“Row, Row, Row Your Boat” went viral in my house last week.
This week I’ve been reduced to mime-like behavior to get a three-toothed smile and a single clap.
I have yet to develop next week’s strategy, but it will probably involve giving in and letting 10-month-old Wade fulfill his daily dream. I will let him throw the bag of dog food all over my under-mopped, overly sticky floor. The customer is always right, right?
My “Keep Wade Happy” campaign has been meeting objectives thus far because we keep the content fresh and on trend. And we don’t mess with what still works; there is value in evergreen content that consistently ups our parent ranking. Thank you Baby Einstein for puppets, thank you.
By now you’re aware that I see content everywhere (and yes, I’m a bit obsessed). No matter the medium, content defines how we interact, build communities, brand ourselves and increase our influence. And baby talk aside, the day-to-day activities of my fast-moving, fast-changing miracle showcase key lessons in developing and amplifying content for success.
1. Strive for consistency, not for perfection
I have diligently hand-washed roughly 2100 bottles, and if we are considering all the parts that make up a bottle, it’s more like 6300. Yes, I did the math (an average of seven bottles a day, 10 months, three parts per bottle). I spend way too much time with my kitchen sink. No one else has been allowed to prep bottles because, like most new parents, I live in constant panic over achieving perfection and avoiding germs. Necessary and sustainable? No.
I need to be able to parent consistently over the long haul. Burnout is not an option so I will be automating my bottle distribution from now on so I can be there for more mommy-and-me activities. Hello, dishwasher! The same applies to content distribution. Sparse and random posts, even if they are sparkling masterpieces, do nothing to strengthen your readership. Consistency equals authority and consistency equals trust. Optimize your workflow to deliver quality consistently without allowing perfectionism to slow down or compromise output.
And newsflash, every piece of content doesn’t have to be shiny and viral, it simply has to serve its purpose, at that moment in time, for the targeted persona. Bright, pricey bath toys don’t bring baby Wade back to the tub; it is the consistent, durable plastic cup he can bang on the tub walls that sealed him as a loyalist. And forget blocks, we like cardboard boxes.
2. Self-promotion in content isn’t bad
I worship the mirror. OK, that sounds bad. Let’s start over. I adore the mirror for its power to calm a teething tot. If you want to hear Wade babble with a smile and laugh uncontrollably, let him take a gander at himself. Most babies will do the same in front of the reflective glass. Do we call them self-absorbed? No we term it self-aware, and yes, adorable.
Give a little love to your brand every now and then. It isn’t taboo to mention your own products or initiatives in content as long as you keep it natural and relevant. The occasional brand integration also can help you test consumer behavior and engagement around new products or campaigns. Your baby can be self-aware, too.
3. Integrate social listening into a flexible strategy
My mini-brand’s behavior occasionally boggles my mind, and most days I wonder what’s next? What don’t I know? Am I missing valuable, sanity-saving tips? Like all brand teams should, my husband and I spy on the competition (in the battle for most viral cuteness) and crowdsourced parenting pivots.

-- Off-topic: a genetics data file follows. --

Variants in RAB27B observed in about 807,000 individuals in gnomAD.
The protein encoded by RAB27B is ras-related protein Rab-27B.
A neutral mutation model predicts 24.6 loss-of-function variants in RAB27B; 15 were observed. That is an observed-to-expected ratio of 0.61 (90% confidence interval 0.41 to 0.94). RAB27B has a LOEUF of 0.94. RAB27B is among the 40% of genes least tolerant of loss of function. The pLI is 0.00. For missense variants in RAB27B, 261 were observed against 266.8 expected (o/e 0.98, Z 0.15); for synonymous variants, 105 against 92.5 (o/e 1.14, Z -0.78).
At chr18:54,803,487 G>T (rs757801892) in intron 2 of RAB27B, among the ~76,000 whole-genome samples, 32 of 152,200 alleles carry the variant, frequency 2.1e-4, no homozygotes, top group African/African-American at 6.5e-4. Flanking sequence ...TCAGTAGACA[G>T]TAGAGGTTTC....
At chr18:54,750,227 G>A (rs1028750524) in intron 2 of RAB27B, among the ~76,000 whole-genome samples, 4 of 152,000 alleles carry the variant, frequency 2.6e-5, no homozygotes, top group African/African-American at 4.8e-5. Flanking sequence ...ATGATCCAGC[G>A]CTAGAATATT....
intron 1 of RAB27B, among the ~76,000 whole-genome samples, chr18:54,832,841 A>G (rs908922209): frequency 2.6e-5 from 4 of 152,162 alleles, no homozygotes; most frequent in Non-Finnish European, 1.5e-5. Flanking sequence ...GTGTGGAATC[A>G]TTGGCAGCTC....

If my current bedtime strategy isn’t working, I draw from oversharing moms via my social assets. I act quickly to adjust my strategy. Anything is worth a shot when you are raccoon-eyed from nights of zombie walks to the crib. Change in content campaigns certainly involves a bit more thought, but the key is to develop a workflow that allows for flexibility. Capitalize on trends, learnings and news-worthy events as they happen.
4. Leave space for engagement
Wade’s vocabulary may be limited. But his “ma, ma ma’s” and drawn out, high-pitched “yeahs” are delivered with purpose. I learned quickly that my drool bug listens and then speaks. He looks for a comfortable opening in the conversation. If we overpower with adult voices, he tends to babble less.
Stop telling and start engaging. When content is structured to ask for input or social campaigns are layered with meaningful questions, readers will share and comment with greater frequency. Don’t force your message. Instead, let your audience collaborate and discover it as their own.
5. A few cheap tricks never hurt anyone
We all know babies, fur babies included, garner traffic. Ignite Social Media ran a study of brand images on Facebook and those showing babies and children earned 191 percent more shares than those featuring adults. Still, it wasn’t until I experienced the distinct difference on my personal social profiles that this truly sunk in. The traction on my posts about Wade in the last six months was 64 percent higher than all of my other posts on Facebook. Cute sells. And apparently I am boring as heck on my own.
Use the tricks (we are, we admit it!) but keep it relevant. You can even poke fun at your own cheap tricks and your audience will laugh with you. Laughter is an emotion that can build and strengthen communities.
My next cheap trick (ehm, strategy) is currently under wraps. I don’t want to compromise my mini-brand’s social metrics by jumping the gun on the unveiling of his first Halloween costume. Nope, not a pumpkin. I’ve studied the interaction around his social persona and I understand what his fans want. Their comments (“ladies man”) and insights indicate something more macho is in order.
For now, his followers will stay guessing, and his father will continue to seek help for his content marketing obsessed mother.